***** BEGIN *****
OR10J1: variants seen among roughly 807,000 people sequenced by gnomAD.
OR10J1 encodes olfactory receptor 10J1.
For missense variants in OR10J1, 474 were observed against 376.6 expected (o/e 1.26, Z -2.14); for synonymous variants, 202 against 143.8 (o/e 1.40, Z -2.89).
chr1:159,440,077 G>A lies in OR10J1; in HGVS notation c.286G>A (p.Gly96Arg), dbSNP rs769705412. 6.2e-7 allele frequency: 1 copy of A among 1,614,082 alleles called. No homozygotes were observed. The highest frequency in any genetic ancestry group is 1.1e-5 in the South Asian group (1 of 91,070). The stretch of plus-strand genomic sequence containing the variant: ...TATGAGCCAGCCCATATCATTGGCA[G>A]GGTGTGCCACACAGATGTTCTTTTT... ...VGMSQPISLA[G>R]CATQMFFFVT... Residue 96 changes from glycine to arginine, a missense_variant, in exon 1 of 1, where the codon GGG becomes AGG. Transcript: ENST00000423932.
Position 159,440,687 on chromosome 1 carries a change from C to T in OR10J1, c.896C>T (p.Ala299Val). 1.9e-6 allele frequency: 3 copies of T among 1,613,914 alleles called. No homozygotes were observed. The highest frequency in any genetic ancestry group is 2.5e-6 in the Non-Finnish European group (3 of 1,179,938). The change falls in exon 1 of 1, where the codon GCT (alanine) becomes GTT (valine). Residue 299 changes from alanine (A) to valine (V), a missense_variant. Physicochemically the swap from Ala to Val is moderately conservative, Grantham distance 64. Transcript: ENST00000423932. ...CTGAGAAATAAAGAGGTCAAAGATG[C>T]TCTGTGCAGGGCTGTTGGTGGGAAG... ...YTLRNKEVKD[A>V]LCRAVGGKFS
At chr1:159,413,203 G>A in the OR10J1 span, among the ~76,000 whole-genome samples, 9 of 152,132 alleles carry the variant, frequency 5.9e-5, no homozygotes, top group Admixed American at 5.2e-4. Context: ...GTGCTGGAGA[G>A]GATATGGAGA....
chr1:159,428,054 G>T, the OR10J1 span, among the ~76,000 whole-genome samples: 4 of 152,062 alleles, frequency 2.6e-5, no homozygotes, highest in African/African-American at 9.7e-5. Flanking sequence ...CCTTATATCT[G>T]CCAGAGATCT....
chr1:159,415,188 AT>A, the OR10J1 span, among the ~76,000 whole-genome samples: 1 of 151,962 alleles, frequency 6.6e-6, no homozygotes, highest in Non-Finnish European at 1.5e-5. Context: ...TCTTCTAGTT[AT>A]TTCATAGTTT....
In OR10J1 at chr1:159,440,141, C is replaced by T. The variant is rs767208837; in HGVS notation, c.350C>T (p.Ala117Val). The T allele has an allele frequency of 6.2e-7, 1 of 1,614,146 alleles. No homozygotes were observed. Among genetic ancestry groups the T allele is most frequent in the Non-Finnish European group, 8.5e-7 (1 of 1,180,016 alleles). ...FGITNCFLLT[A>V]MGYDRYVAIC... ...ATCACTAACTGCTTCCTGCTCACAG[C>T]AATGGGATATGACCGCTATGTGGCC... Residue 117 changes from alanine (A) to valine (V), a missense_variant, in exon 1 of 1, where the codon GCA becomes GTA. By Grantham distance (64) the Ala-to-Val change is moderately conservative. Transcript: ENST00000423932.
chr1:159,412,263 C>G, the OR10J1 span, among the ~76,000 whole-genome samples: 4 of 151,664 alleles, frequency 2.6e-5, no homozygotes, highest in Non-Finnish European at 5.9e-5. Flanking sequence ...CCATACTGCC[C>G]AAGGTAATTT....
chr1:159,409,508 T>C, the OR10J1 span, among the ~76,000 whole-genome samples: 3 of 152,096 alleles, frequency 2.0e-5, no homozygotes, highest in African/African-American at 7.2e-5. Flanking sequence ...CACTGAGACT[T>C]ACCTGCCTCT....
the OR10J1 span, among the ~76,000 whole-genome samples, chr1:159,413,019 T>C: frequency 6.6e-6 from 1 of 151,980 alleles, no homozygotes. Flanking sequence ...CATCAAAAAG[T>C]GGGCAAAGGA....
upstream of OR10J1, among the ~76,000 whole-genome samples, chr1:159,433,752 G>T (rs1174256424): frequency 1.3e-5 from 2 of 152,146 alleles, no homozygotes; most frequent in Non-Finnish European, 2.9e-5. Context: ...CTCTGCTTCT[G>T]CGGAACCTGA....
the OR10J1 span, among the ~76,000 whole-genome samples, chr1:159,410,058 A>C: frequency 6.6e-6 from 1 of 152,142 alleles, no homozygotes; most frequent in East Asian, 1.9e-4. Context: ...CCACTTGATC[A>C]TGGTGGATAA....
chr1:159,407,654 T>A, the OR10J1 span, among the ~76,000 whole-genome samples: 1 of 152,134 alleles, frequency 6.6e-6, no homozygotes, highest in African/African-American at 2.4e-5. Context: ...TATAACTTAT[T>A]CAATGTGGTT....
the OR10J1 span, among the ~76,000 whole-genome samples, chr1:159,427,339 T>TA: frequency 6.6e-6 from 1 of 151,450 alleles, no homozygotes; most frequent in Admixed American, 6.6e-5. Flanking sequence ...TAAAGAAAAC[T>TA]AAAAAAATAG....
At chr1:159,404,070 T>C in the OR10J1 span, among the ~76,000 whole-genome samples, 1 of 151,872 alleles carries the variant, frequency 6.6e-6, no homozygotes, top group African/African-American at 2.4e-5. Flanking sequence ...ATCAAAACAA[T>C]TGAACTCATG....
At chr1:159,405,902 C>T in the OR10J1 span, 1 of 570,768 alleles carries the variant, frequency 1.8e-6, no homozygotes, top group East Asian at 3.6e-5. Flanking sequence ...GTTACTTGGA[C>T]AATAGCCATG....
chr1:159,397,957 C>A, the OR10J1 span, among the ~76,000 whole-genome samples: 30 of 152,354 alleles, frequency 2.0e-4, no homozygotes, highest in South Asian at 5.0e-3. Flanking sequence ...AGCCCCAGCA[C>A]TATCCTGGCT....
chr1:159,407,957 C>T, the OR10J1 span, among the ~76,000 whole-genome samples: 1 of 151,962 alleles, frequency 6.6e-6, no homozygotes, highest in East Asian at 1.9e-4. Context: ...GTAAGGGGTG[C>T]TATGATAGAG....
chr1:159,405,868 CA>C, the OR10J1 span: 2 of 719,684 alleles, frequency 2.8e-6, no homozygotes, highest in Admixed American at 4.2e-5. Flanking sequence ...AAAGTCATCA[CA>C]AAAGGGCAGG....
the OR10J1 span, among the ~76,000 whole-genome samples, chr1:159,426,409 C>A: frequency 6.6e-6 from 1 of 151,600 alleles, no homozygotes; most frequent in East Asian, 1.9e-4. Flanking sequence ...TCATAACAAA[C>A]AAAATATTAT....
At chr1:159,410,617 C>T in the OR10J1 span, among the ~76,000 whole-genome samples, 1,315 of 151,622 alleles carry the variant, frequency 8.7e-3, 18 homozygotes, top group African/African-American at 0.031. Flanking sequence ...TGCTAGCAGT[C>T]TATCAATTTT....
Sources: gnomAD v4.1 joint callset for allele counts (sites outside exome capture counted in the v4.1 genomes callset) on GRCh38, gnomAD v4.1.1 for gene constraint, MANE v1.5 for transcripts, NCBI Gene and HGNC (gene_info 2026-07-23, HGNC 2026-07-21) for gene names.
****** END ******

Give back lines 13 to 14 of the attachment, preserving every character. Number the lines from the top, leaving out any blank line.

upstream of OR10J1, among the ~76,000 whole-genome samples, chr1:159,433,752 G>T (rs1174256424): frequency 1.3e-5 from 2 of 152,146 alleles, no homozygotes; most frequent in Non-Finnish European, 2.9e-5. Context: ...CTCTGCTTCT[G>T]CGGAACCTGA....
the OR10J1 span, among the ~76,000 whole-genome samples, chr1:159,410,058 A>C: frequency 6.6e-6 from 1 of 152,142 alleles, no homozygotes; most frequent in East Asian, 1.9e-4. Context: ...CCACTTGATC[A>C]TGGTGGATAA....